May 20, 2011

Twenty years ago, most molecular-science PhD graduates in the United States went on to start up their own labs at universities across the country. These labs drive innovation and keep the United States globally competitive. Today, however, only a handful of my friends will go on to run their own labs, though more would like to. Some go into industry or consulting or law. Others leave science altogether.

As public funding for science and technology shrinks, it just isn’t possible for people who want to become scientists in America to actually become scientists. So when a friend of mine who recently received her PhD in molecular biology asked for some career advice, the answer was easy. Go to China, I told her.

At one time it was common for American scientists to go abroad. Usually, they went to Europe because of better expertise and better funding. Then the Cold War came along and jolted American policymakers into action, producing stunning results. Public investments in science and technology revolutionized everything from medicine to microprocessors. According to Alan Leshner, chief executive of the American Association for the Advancement of Science, more than 50 percent of U.S. economic growth since World War II has come from science and technology. But today, many scientists, particularly young scientists, face a public funding situation that is dire.

Dr. Francis Collins, director of the National Institutes of Health, told senators this month that for every six grant applications the agency receives, “five of them are going to go begging.” Will this tough funding environment force American scientists to start looking for jobs in other countries? If they do, there won’t be any shortage of options.

The global science landscape is radically different from what it was when I started graduate school 10 years ago. Opportunities for cutting-edge science are sprouting in many other countries. China stands out. But there are plenty of others. India, Brazil and Singapore built world-class research institutes. Saudi Arabia aggressively recruits researchers for its King Abdullah University of Science and Technology. With a staggering $10 billion endowment there — larger than MIT’s — American scientists no longer need to suffer through Boston’s endless winters. Not to be outdone, Abu Dhabi opened the Masdar Institute of Science and Technology in 2009. These emerging powers have a voracious appetite for good scientists. So they’re trying to poach ours.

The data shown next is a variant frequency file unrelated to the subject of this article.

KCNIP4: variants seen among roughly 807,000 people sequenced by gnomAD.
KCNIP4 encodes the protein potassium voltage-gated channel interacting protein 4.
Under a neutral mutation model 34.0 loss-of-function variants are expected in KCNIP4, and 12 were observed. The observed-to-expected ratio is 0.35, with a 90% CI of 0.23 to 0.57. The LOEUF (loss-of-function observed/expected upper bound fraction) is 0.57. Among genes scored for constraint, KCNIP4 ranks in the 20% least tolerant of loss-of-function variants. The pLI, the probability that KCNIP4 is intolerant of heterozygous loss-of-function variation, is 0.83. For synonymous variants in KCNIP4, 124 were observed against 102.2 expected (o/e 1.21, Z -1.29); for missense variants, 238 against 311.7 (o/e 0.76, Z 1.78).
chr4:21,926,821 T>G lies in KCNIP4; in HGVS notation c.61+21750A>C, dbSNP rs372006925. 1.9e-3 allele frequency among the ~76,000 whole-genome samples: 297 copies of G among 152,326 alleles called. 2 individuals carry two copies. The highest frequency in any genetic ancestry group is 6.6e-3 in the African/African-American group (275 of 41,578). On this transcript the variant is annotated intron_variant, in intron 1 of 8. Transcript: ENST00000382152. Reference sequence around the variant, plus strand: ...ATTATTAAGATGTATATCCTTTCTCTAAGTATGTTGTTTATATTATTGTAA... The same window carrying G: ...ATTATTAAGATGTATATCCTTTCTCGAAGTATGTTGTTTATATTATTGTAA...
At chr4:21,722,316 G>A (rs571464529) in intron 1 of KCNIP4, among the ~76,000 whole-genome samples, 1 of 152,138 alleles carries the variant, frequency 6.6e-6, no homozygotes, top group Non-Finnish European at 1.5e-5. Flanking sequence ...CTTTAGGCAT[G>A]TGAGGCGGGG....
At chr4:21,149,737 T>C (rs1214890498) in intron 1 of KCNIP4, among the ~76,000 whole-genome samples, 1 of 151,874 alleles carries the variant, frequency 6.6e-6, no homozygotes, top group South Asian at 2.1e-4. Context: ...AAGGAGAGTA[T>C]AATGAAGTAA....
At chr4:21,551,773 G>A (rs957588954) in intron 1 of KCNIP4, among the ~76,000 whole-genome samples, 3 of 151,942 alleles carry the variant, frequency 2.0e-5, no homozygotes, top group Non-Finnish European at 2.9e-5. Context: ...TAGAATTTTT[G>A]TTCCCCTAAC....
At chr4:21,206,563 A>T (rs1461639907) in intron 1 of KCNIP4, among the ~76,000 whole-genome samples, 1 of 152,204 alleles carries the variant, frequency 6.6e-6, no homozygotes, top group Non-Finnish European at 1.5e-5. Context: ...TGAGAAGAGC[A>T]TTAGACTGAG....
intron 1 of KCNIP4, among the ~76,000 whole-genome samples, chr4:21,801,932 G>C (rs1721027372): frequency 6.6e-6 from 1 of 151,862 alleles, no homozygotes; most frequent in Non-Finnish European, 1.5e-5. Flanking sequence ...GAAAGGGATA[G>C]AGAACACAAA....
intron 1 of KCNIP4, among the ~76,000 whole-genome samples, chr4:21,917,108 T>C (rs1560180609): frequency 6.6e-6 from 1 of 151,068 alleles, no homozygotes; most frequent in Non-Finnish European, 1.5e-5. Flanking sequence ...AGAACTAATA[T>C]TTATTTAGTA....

I spent nearly two years doing molecular biology research in China. I have worked at the National Laboratory for Agrobiotechnology and at Peking University in Beijing. The Chinese are serious about science. Government spending on research and development has increased 20 percent each year over the past decade. Even in the midst of the financial crisis of 2008-09, China continued to bet big on science and technology. China now spends $100 billion annually on research and development. The Royal Society, Britain’s national science academy, estimates that by 2013, Chinese scientists will author more articles in international science journals than American scientists do.

Chinese labs are cutting-edge intellectual melting pots of Chinese scientists trained in the East and in the West. This environment of creativity and hard work will produce big breakthroughs. Chinese universities aggressively recruit foreign scientists. The start-up packages can be generous and in some cases comparable to what a young faculty member receives in this country. In the future, China might be a better option for U.S. scientists desperate to fund their research.

What does it mean for the United States if we lose some of our scientific talent? The infusion of American ingenuity could be the missing catalyst for a country such as China to leapfrog America in space technology or the development of new weapons. Our own economic success and security depended on foreign talent such as Albert Einstein, Edward Teller (who developed the hydrogen bomb), and Werner von Braun (who led the development of the Saturn V booster rocket that helped the United States win the race to the moon). Would we have been as competitive if they had decided instead to work in Russia or China?

Talented scientists in this country often fall through the cracks because they can’t get funding. Agencies are deluged with applications and often have to reject as many as 90 percent of the proposals they receive. Unfortunately, the situation is likely to deteriorate further as budget cuts limit the resources available for research. So I’ve started encouraging my friends to think more creatively about their careers. Go to China, I tell them. Or Singapore or Brazil or the Middle East. If the United States can’t fund its scientific talent, find a country that will.

Matthew Stremlau, a graduate of Haverford College and Harvard University, is a postdoctoral fellow at the Broad Institute, which is affiliated with Harvard and MIT.